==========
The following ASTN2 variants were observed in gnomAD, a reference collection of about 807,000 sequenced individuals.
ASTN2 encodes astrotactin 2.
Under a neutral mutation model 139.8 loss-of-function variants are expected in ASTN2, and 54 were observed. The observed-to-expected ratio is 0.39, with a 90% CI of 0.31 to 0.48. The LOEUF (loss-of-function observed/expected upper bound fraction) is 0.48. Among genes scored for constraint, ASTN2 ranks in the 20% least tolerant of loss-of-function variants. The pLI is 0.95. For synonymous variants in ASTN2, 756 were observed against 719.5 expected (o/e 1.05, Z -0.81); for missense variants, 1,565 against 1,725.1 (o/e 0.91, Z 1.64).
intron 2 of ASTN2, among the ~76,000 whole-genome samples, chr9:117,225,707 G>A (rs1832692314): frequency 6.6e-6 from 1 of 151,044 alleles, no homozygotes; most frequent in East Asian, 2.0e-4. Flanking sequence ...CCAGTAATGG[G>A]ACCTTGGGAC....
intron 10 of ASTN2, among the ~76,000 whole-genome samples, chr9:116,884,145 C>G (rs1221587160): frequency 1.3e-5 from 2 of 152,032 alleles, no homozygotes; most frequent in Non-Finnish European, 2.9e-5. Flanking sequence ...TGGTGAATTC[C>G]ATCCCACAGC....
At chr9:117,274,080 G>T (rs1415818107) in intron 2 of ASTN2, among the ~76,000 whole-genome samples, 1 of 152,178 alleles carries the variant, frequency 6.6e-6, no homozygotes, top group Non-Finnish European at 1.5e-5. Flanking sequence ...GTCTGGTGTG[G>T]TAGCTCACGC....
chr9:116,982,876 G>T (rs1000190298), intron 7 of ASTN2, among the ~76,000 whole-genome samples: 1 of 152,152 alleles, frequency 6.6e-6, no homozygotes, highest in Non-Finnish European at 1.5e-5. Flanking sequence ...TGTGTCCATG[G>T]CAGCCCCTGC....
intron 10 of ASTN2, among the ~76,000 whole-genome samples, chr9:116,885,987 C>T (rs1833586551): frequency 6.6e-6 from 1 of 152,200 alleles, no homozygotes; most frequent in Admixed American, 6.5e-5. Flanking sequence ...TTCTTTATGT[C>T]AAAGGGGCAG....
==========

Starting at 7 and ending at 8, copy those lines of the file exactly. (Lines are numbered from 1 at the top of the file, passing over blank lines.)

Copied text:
chr9:116,982,876 G>T (rs1000190298), intron 7 of ASTN2, among the ~76,000 whole-genome samples: 1 of 152,152 alleles, frequency 6.6e-6, no homozygotes, highest in Non-Finnish European at 1.5e-5. Flanking sequence ...TGTGTCCATG[G>T]CAGCCCCTGC....
intron 10 of ASTN2, among the ~76,000 whole-genome samples, chr9:116,885,987 C>T (rs1833586551): frequency 6.6e-6 from 1 of 152,200 alleles, no homozygotes; most frequent in Admixed American, 6.5e-5. Flanking sequence ...TTCTTTATGT[C>T]AAAGGGGCAG....